That is hard advice to put into practice. I’m a bit of a (read: major) perfectionist when it comes to grammar and sentence structure and overall theme and content of a piece. I like love (let’s be honest here) outlines and lists. It is very hard for me to type and type and type without re-reading each sentence the second after I type a period. Don't even get me started on fact-checking and substantiating my claims. But words don’t flow when you’re constantly analyzing them and thinking about your audience. Words don’t flow when you’re trying  to achieve an objective, be it humor, rhythm, fact, or style. In my writer's heart, I believe that style is innate. If you write enough, your own style will develop. And your own style is good.

I self-critique a lot. A lot. I have little idiosyncrasies in my writing that I don’t like. I write too many lists. I have my own set of comma rules (Carbonetti's comma rules, to be precise. Like an inside joke, you have to have been there. 10th grade English class.) and I put too much emphasis on transition words. I sacrifice getting words down on paper because I spend too much time worrying about nit-picking my own work instead of just writing.

My cure? It’s back to that old adage: write, and write a lot. Every day. Exercise the creative muscle. I’m excited to start a new project. I don’t know what it is, but I’m sure that it will come to me through my daily writing, my daily exercise. And, maybe, just maybe, if I get used to writing every single day, I’ll stop reading my writing as I write. I’ll get so used to writing that I’ll just write. The words will flow and it will be easy. Because when it’s good (at least when I think so), it’s good. The writing is easy and fun and the words flow. They really do. When I overthink, that’s when it gets clunky. So here’s to more flow and less clunk!

Tuesday, January 20, 2015


It's a long way up, but you just need to step on!
The ideas are in my head, the words will flow. Just step on!

 Getting motivated

Recently I've been thinking a lot about motivation. What motivates us? Where do we get our drive from? What pushes someone to take a risk, take a chance, do something new? Can motivation live in a vacuum, or does it rely on external forces.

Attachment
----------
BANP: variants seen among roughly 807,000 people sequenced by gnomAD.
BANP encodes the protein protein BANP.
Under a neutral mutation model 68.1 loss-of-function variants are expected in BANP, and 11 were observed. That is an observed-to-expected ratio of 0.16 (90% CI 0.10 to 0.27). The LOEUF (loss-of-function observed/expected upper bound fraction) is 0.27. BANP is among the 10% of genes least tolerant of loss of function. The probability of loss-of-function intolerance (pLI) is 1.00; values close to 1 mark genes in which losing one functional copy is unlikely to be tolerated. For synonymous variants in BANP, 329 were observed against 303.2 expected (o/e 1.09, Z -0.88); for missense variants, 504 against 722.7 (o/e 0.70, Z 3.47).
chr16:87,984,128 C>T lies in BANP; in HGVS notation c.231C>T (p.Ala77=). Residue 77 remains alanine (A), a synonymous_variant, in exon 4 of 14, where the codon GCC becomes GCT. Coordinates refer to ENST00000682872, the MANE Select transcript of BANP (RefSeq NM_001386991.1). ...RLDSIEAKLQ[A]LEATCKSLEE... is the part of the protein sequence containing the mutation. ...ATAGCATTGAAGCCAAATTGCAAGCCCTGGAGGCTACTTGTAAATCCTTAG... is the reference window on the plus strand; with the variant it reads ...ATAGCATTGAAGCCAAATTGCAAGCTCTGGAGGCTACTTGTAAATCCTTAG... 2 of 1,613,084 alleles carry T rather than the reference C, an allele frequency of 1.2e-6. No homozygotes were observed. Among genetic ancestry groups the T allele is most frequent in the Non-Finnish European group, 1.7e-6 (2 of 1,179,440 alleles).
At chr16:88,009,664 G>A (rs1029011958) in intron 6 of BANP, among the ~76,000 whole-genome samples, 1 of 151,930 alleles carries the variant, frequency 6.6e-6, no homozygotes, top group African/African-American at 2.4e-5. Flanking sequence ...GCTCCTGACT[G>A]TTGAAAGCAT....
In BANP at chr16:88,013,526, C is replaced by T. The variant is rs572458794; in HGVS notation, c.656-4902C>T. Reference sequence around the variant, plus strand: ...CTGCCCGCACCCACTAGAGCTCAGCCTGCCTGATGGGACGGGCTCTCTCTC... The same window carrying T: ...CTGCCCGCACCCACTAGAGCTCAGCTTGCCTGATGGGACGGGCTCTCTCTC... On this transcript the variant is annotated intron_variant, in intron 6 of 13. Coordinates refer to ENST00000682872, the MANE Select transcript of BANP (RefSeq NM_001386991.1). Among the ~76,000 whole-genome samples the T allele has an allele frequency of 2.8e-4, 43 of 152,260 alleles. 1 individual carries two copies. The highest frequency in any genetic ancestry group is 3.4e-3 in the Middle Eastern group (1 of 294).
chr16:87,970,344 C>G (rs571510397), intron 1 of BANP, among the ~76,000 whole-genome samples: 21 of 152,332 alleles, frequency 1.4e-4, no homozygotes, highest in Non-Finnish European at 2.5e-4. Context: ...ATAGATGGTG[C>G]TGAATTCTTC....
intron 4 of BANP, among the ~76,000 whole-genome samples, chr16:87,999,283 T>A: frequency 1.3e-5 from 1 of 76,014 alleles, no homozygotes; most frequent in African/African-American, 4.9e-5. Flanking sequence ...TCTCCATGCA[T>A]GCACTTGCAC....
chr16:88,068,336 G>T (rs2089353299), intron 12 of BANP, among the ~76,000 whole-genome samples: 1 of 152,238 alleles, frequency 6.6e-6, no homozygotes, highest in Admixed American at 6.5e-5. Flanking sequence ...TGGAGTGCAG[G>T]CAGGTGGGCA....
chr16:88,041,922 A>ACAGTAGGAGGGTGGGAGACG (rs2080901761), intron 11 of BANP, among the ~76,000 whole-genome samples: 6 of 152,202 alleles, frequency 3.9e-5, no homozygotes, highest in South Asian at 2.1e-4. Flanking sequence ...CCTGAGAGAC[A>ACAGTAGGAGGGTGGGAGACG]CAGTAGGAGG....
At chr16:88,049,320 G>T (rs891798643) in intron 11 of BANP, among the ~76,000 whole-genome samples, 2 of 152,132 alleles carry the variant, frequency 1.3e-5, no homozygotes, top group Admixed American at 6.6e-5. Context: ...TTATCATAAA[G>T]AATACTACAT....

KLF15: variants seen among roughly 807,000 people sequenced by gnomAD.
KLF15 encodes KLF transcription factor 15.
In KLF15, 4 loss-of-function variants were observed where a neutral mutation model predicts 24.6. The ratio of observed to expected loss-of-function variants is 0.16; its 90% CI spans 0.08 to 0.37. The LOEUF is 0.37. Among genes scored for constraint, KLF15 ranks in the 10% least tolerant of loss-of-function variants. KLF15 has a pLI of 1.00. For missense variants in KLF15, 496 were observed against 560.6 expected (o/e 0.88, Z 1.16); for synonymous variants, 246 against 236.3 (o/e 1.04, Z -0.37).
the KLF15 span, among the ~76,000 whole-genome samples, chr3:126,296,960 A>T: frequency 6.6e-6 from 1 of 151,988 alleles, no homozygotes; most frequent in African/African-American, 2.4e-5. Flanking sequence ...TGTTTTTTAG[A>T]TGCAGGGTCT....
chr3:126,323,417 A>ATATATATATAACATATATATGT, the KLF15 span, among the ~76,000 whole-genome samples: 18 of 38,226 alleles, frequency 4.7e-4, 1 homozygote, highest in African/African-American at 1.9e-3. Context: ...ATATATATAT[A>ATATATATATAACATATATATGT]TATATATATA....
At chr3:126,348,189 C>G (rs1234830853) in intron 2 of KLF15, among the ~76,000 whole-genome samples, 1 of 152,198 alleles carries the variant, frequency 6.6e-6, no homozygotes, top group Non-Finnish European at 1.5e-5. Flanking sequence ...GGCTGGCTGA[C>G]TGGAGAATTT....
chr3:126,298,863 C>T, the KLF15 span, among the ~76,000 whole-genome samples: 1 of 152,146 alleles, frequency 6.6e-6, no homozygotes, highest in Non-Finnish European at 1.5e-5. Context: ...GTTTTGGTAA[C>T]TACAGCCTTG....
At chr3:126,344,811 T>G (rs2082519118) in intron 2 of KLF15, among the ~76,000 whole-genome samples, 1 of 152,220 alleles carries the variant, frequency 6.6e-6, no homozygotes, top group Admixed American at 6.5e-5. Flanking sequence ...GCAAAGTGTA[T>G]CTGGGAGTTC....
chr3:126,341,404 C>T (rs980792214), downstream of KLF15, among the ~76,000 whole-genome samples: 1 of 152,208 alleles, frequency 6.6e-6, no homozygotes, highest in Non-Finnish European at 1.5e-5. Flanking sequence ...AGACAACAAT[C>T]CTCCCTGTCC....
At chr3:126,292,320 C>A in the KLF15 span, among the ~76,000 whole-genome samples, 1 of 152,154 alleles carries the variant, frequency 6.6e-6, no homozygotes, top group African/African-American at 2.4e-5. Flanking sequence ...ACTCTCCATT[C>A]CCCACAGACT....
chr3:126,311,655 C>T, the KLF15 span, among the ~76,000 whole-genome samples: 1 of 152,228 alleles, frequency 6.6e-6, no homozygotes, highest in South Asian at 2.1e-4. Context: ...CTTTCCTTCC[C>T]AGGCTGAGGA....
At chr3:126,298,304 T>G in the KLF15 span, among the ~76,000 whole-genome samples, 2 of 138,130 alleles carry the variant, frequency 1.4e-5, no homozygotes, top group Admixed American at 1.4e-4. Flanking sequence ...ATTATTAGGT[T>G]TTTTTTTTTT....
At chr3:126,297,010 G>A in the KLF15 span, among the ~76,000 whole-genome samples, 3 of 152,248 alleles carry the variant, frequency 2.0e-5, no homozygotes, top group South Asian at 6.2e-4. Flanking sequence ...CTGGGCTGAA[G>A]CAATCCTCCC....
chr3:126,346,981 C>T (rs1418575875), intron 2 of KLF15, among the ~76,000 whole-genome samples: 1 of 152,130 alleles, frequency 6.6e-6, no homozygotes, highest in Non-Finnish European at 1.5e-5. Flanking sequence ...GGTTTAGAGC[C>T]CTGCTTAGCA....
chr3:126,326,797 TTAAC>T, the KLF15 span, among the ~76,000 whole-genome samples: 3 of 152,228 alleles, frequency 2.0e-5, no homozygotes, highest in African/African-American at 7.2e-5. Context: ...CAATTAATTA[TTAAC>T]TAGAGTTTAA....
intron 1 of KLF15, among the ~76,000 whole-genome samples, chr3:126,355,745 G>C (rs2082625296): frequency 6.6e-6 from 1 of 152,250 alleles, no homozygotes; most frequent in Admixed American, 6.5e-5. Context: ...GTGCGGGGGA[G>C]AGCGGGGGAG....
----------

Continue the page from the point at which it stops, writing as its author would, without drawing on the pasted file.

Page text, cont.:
And, the most compelling question for me right now: Why am I not motivated? And, How can I change that?

New year, new you, and all that. Except I'm not feeling that rush of energy and can-do spirit that is so prevalent in January. What gives? What do I want to do, and what is preventing me from taking that step?

I want to write every day. I want to get a project out the door and off my plate. I want to move from being a passive participant in the world of ideas - merely reading and thinking - to an active participant.

Instead I . . . read articles online. I read other people's blogs. I nap. I read a book. I watch TV. I wile away hours on airbnb looking for that perfect vacation. I go through ebbs and flows. I spend months where I get into a routine and sit down and write every single day while the girls nap. I'm productive and I feel like my brain is working and I'm living outside of cooking, cleaning, and childcare. But then I stop. For a day, or two, or a week. It's so much easier to stop than it is to start again. I can justify my lack of action in 101 different ways. (I'm busy, I'm tired, why stay-at-home if I'm stuck on a schedule, I should enjoy myself, etc. etc.)

Lack of motivation to prevent cognitive dissonance?

Is my lack of motivation simply me trying to reduce the cognitive dissonance in my life? If cognitive dissonance is defined as the personal stress caused by someone's own differing beliefs and views, maybe my writing is disrupting my own easy status quo. My lack of motivation, therefore, is a form of self-defense.

Probably not. While my writing does make me think critically about my own life, it certainly isn't profound enough to make me question my fundamental values and viewpoints.

Writer's block.